December 1, 2022
We have encountered a lot of confusion surrounding domestic violence among clients in Colorado. So we decided to tackle some of the most common questions we encounter:
- I’m not with the victim anymore; Why am I being charged with domestic violence?
- I thought I would end up in state court; Why am I facing federal charges this time?
- What do federal domestic charges mean in terms of possible sentences and penalties?
The following information should answer these and others you might have regarding any Colorado domestic violence charges you or a loved one may currently face.
If you find yourself in a unique situation or have additional questions, an experienced Colorado domestic violence defense attorney can review your case and provide specific advice and guidance when you’re ready.
Here are the general questions to ask:
Why Am I Being Charged with Domestic Violence?
Under our state’s criminal justice system, domestic violence is often a charge applied to enhance the seriousness of a number of other violent crimes. The term specifically refers to the relationship between the aggressor and the victim.
When we talk about “violent” crime, we typically mean an act causing physical harm to a person, but threatening behavior or words can also qualify as violence.
Essentially, a violent crime qualifies as a domestic violence offense when it occurs between two individuals in an “intimate” relationship such as:
- Current or former spouses
- Current or former couples
- Parents of the same child
So, if a violent crime occurs between two people related to each other in this way, it may be charged as a domestic violence crime. These charges are often tacked onto offenses like child abuse, rape, assault, menacing, harassment, stalking, or even trespassing.
Why Am I Facing Federal Domestic Violence Charges This Time?
Domestic violence laws were handled exclusively on a state level in Colorado and across the country until fairly recently. Now, in certain circumstances, these offenses may be elevated to federal charges.
In the 1990s, Congress passed the Violence Against Women Act (VAWA). The act decreed domestic violence to be a national issue and that federal regulation could help state justice systems address it. The VAWA created a national domestic violence hotline and introduced grant programs aimed at preventing domestic abuse.
During this time, Congress also passed the Gun Control Act making it a federal crime to possess a firearm after a domestic violence conviction.
What Qualifies a Crime as Federal Domestic Violence?
Most domestic violence cases are still handled on a local level in Colorado or the state where it occurred. However, we’ve listed several scenarios that qualify domestic violence as a federal crime.
Interstate Domestic Violence: When a Perpetrator Travels Across State Lines
Under federal law, it is a domestic violence crime to travel from one state to another or leave or enter Indian country with the intention of committing domestic violence. The second requirement for this charge is that the offender actually causes the alleged victim physical harm.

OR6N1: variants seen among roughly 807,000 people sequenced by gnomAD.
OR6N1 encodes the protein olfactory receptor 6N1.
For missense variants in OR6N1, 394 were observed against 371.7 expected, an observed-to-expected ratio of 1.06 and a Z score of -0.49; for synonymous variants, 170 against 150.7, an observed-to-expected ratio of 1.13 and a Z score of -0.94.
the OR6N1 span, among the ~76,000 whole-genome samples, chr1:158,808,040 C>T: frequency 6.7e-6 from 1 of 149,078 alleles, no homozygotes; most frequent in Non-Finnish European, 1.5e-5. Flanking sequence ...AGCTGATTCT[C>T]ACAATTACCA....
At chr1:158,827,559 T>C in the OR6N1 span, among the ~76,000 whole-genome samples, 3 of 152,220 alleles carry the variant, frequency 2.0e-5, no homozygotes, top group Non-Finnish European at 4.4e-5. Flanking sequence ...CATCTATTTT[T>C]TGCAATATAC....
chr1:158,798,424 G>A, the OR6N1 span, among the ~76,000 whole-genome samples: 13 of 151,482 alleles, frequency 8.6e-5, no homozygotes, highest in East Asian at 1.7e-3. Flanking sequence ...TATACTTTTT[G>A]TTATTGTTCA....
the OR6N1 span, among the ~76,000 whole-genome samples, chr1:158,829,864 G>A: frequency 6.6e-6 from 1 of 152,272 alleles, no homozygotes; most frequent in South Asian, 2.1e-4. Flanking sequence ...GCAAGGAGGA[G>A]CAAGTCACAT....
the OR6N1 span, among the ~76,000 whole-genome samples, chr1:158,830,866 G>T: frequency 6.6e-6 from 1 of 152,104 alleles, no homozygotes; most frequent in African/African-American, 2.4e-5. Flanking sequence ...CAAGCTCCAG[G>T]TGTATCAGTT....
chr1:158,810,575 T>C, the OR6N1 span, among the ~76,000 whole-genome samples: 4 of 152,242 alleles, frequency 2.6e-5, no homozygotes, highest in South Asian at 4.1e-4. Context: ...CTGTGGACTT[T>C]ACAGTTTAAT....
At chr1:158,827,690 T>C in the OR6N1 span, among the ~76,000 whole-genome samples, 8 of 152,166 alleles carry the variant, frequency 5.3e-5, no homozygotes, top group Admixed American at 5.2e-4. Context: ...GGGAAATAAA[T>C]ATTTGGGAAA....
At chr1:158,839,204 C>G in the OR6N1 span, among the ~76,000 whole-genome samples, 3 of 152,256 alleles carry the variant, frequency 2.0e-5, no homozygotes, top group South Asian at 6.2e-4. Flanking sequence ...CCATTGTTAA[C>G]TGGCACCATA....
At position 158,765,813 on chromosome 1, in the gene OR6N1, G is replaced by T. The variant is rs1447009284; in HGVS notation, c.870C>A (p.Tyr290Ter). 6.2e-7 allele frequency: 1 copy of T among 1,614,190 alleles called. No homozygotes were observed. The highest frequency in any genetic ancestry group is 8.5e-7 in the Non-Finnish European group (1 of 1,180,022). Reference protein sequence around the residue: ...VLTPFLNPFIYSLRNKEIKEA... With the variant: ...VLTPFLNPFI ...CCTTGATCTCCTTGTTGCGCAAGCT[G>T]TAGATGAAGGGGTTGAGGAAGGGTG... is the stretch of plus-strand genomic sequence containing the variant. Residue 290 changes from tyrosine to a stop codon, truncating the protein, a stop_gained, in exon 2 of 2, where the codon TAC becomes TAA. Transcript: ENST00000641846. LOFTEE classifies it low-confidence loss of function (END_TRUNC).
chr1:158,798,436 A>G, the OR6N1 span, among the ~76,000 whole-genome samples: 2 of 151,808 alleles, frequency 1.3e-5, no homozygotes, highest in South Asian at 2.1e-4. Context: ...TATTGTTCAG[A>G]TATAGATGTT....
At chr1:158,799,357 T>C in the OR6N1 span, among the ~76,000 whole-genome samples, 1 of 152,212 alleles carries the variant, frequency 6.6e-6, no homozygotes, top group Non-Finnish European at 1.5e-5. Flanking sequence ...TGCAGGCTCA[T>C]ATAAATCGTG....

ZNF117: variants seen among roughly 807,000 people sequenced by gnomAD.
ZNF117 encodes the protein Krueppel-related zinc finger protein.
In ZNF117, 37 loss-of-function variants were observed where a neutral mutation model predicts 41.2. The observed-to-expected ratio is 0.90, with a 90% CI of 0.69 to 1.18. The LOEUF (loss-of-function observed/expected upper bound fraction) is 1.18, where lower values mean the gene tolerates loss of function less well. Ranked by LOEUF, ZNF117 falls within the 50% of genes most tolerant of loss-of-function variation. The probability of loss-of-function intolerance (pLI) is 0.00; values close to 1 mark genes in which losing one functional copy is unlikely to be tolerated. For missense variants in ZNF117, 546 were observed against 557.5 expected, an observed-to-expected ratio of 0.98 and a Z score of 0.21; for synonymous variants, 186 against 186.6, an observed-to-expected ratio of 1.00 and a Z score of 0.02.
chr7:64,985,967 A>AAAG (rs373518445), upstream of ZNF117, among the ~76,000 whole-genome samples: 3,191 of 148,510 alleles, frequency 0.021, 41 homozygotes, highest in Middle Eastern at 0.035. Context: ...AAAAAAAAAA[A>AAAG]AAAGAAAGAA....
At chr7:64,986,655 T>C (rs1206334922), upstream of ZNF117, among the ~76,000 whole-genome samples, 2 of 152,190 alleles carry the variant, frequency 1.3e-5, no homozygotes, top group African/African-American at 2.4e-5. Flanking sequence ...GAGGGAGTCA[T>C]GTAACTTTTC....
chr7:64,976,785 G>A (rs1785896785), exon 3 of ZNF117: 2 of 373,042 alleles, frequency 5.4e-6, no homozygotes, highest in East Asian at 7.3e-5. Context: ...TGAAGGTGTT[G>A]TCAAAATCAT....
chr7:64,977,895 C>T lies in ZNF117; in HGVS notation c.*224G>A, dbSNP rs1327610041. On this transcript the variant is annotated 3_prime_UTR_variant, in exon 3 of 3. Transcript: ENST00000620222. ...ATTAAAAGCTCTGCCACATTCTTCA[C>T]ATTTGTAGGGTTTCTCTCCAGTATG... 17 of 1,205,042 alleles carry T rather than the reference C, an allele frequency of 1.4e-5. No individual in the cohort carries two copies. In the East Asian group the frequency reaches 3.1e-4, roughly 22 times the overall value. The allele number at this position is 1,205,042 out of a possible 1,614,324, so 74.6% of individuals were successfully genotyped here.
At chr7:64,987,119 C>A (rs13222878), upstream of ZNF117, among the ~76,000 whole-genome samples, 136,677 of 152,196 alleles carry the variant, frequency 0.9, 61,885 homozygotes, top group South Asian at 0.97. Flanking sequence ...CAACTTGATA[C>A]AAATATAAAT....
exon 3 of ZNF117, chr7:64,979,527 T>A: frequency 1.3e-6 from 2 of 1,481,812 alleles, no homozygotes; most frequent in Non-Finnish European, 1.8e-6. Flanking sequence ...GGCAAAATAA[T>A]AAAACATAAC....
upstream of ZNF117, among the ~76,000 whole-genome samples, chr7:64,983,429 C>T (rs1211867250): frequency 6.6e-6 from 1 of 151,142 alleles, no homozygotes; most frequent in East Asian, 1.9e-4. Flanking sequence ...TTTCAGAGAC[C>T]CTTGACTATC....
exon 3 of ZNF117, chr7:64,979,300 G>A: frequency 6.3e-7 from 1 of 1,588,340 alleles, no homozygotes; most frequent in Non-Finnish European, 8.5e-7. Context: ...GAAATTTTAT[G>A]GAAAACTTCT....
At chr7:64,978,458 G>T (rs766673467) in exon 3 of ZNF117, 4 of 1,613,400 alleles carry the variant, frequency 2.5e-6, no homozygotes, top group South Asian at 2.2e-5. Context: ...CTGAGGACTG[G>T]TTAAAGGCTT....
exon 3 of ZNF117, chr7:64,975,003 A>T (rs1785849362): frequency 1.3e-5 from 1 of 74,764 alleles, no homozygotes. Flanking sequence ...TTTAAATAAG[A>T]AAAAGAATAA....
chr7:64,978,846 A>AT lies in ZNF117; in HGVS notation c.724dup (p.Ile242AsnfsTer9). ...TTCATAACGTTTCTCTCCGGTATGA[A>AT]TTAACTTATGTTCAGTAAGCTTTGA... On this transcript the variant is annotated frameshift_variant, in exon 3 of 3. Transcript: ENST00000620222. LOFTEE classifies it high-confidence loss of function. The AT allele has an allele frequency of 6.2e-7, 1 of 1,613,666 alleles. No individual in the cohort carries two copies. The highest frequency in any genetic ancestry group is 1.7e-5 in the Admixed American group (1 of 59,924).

Interstate Domestic Violence: When a Victim Travels Across State Lines
Similarly, it is a federal domestic violence crime to compel an intimate partner to travel from one state to another or to leave or enter Indian country by way of physical force, coercion, duress, or fraud…or by the threat of physical harm to them.
Interstate Domestic Violence: Crossing State Lines to Violate a Protective Order
You may also not cross state lines to violate a protective order or force an intimate partner to cross state lines in violation of a protective order. Note, simply violating distance requirements without actual contact may land you with a federal domestic violence charge.
Domestic Violence Relating to Guns
Federal courts have statutes regarding domestic violence perpetrators and firearms. It is a federal crime to possess a gun or ammunition after any domestic violence conviction or when there is currently a protective order against you.
What Penalties Do I Face for My Federal Domestic Charges?
First, understand that Colorado is a mandatory domestic violence arrest state. This means any call to law enforcement officials for domestic violence will result in an arrest.
When you are the accused, expect to receive a mandatory protective order that may restrain you from coming you into contact with the alleged victim.
If your domestic violence crime winds up being charged at the federal level, what could have been classified as even a misdemeanor offense will now automatically be considered a felony.
A federal domestic violence conviction carries the potential for lengthy incarceration and staggering fines. Not to mention, this is a blemish that won’t be erased from your permanent criminal record, which is likely to make life more difficult in more ways than one — obtaining employment, securing the housing you want, or taking out a loan, to name a few.
Whether tried at a state or federal level, punitive measures for domestic violence crime have steadily increased over the last few decades. Stay within state lines, away from guns, and don’t violate those protective orders. Otherwise, face the consequences.
When you do, don’t do it alone. Reach out to a Colorado defense attorney in order to ensure your best possible outcome.
About the Author:
Denver-based criminal defense and DUI attorney Jacob E. Martinez is a knowledgeable and experienced litigator with a record of success providing innovative solutions to clients facing criminal charges of any severity. Mr. Martinez has been designated a Top 100 Trial Lawyer by the National Trial Lawyers and has been awarded both the Avvo Client’s Choice Award and Avvo Top Attorney designation, evidencing his reputation for his exemplary criminal and DUI defense work and high moral standards.